Inside this issue
Along the river Inn – Autumn in Engadine
Julian explores the autumnal glory of 'the Garden of the Inn'
Iam what can best be described as an enthusiastic amateur photographer. I try not to follow fashion or trends and I’m never happier than shooting with my 5x4 camera on good old sheet film. The intimate landscape is what interests me which is, perhaps, surprising given that I have been based in Switzerland for a number of years. My favoured habitat is the bottom of a rocky gorge but I do occasionally emerge to shoot the bigger vista. And I do occasionally shoot digital - but shhh, don’t tell anyone! website
One of the joys of living in Switzerland, as I have done for the past fourteen years, is the annual display of colour that marks this time of year. From the vineyards scattered along the northern side of Lake Geneva to the beech forests of the Jura and from the wooded hills of Ticino, replete with sweet chestnut, to the larch-covered mountainsides of Graubünden, Switzerland is a blaze of intense yellows, reds and ochres from mid-October up until winter's icy fingers start to reassert their annual hold over the high Alpine meadows.
Arguably, the one region where this most transitory of seasons reaches its highest expression is Engadine, surrounded by mountains and tucked away in the south-east of the country. Its name is taken from 'Engiadina', meaning 'the Garden of the Inn' in the local Rhaeto-Romansch language and this is an apt description. Bisecting and defining an evocative landscape, the river Inn rises above the Upper Engadine village of Maloja at an altitude of some 2600m, tumbling quickly down into a broad valley where it pauses for a while in the serenely beautiful lakes of Sils and Silvaplana. Passing swanky St. Moritz, it flows into the steeper and narrower valley of the less well-known Lower Engadine then on past charming and evocatively-named villages such as Zuoz, Tarasp and Ramosch, finally taking its leave of Switzerland near the Tyrolean town of Nauders. This is a richly forested and mostly unspoilt area where glaciers, castles, quaint villages, wild rivers and tranquil lakes all jostle for the photographer's attention. Towards the end of October 2013, I spent a few days exploring the length of the valley, along with a couple of side-valleys, and the photographs which accompany this article were all made during this visit.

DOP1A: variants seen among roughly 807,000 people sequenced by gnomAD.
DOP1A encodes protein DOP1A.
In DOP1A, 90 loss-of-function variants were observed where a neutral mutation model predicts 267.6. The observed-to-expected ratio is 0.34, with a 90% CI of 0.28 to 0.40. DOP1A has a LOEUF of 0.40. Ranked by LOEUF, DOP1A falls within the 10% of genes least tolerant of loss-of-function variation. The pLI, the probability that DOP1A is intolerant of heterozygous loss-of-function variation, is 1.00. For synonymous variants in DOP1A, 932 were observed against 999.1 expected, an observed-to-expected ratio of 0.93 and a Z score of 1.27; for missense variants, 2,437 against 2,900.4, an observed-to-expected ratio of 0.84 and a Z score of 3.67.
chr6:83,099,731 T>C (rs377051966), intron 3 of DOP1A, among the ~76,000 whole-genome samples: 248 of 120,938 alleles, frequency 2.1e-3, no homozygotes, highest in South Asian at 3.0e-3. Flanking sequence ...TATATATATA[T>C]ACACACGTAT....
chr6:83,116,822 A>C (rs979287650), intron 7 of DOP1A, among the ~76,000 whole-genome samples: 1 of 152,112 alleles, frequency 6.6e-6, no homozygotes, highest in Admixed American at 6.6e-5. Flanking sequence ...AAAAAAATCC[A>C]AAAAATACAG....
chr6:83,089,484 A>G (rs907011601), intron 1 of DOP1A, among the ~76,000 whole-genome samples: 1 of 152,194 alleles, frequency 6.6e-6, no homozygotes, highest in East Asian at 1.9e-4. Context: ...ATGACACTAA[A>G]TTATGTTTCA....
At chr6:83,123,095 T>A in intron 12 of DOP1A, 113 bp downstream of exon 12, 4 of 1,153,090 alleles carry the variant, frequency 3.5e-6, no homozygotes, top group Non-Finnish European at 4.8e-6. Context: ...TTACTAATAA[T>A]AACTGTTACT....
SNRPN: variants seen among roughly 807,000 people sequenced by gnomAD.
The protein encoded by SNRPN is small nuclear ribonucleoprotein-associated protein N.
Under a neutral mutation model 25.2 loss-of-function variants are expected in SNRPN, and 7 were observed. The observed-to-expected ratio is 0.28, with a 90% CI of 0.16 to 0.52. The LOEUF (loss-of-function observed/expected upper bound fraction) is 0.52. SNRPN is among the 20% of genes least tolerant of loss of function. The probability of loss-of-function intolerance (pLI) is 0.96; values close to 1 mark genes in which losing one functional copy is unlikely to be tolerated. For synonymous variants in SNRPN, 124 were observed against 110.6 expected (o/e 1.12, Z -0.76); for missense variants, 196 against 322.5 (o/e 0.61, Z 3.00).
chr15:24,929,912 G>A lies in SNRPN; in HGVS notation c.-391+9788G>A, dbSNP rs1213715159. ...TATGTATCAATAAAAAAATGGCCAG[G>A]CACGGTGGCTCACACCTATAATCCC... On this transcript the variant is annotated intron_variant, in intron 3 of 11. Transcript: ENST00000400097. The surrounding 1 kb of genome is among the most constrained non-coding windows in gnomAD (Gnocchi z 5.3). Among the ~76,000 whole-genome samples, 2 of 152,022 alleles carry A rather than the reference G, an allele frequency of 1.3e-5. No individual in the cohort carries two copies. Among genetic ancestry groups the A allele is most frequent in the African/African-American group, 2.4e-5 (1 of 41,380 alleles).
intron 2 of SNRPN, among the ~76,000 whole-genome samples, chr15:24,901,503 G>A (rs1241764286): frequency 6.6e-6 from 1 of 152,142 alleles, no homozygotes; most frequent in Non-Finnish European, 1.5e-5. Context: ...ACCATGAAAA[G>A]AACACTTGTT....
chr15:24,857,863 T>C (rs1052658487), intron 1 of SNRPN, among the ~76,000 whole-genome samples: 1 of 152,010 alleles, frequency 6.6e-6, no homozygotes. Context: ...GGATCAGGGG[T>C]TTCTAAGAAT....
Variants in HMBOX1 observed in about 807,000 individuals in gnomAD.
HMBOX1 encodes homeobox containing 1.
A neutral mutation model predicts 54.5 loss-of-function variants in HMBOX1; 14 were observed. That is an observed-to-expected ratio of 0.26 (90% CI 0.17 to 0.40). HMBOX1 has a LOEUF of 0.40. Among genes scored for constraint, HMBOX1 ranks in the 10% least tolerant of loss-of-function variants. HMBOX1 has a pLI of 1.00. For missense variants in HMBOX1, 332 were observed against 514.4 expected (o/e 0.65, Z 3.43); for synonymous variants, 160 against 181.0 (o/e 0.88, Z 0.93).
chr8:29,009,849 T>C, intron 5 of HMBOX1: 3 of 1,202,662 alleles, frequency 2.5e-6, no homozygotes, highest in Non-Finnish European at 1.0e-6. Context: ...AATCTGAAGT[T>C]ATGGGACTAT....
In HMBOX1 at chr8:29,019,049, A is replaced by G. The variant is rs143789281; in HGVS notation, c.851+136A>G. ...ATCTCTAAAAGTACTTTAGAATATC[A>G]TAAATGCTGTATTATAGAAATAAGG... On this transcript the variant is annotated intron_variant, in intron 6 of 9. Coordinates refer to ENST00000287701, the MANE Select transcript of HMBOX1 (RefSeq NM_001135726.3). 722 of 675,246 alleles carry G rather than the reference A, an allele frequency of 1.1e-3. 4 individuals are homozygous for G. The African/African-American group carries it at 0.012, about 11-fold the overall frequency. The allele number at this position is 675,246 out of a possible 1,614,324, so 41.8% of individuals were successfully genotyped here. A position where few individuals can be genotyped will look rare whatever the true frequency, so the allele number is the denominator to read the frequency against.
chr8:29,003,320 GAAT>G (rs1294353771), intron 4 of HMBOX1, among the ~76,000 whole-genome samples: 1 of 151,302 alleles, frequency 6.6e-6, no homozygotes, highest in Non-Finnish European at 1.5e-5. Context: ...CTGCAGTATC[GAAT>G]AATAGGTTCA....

I approached Engadine from the west over the dramatic Flüela Pass, resplendent under a light covering of early snow, and immediately headed to the centrally-located town of Zernez to get my bearings. It is here that the river Fuorn joins forces with the Inn and it is near this confluence that Switzerland's first (and so far only) national park is located. Exploring this tract of highly protected Alpine landscape was one of the main aims of the trip so I started by driving the one road that crosses the park. The Pass dal Fuorn also happens to be the only direct link between the remote Val Mustair and the rest of Switzerland and is therefore a vital route for the inhabitants of this isolated valley. In addition to providing some useful vantage points from which to make scenic images, this road forms the start of several of the park's designated hiking paths.